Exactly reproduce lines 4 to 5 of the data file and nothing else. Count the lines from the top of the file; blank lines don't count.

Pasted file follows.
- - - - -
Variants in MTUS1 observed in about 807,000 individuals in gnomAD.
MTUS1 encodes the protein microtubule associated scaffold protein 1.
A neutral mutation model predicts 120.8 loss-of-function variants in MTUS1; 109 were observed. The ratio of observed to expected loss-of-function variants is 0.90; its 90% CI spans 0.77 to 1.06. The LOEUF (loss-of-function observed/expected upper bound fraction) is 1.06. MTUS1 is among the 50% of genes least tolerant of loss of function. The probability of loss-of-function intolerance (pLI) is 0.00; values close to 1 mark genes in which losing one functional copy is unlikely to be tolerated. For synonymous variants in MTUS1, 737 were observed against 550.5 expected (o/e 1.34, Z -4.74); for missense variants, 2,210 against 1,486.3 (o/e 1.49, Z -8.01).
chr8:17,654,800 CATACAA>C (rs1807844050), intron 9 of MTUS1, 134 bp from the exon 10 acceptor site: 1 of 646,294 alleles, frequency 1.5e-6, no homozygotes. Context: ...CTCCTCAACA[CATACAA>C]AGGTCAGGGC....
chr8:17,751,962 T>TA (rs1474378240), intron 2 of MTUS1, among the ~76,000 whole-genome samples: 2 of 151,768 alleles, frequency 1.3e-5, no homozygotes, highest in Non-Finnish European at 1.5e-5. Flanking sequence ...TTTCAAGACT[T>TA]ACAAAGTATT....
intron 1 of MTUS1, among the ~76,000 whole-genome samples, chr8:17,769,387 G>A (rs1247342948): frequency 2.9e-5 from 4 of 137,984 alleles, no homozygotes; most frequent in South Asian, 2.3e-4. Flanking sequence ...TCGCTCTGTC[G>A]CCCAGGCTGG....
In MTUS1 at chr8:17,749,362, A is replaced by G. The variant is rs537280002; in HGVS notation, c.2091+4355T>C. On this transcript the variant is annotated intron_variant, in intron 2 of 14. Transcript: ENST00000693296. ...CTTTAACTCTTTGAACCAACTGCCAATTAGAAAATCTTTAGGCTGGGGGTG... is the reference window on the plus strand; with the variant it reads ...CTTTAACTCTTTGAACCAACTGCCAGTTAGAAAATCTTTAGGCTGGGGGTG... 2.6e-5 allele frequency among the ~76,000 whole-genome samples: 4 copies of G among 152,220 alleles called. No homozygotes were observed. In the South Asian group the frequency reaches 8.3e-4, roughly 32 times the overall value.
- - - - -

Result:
chr8:17,654,800 CATACAA>C (rs1807844050), intron 9 of MTUS1, 134 bp from the exon 10 acceptor site: 1 of 646,294 alleles, frequency 1.5e-6, no homozygotes. Context: ...CTCCTCAACA[CATACAA>C]AGGTCAGGGC....
chr8:17,751,962 T>TA (rs1474378240), intron 2 of MTUS1, among the ~76,000 whole-genome samples: 2 of 151,768 alleles, frequency 1.3e-5, no homozygotes, highest in Non-Finnish European at 1.5e-5. Flanking sequence ...TTTCAAGACT[T>TA]ACAAAGTATT....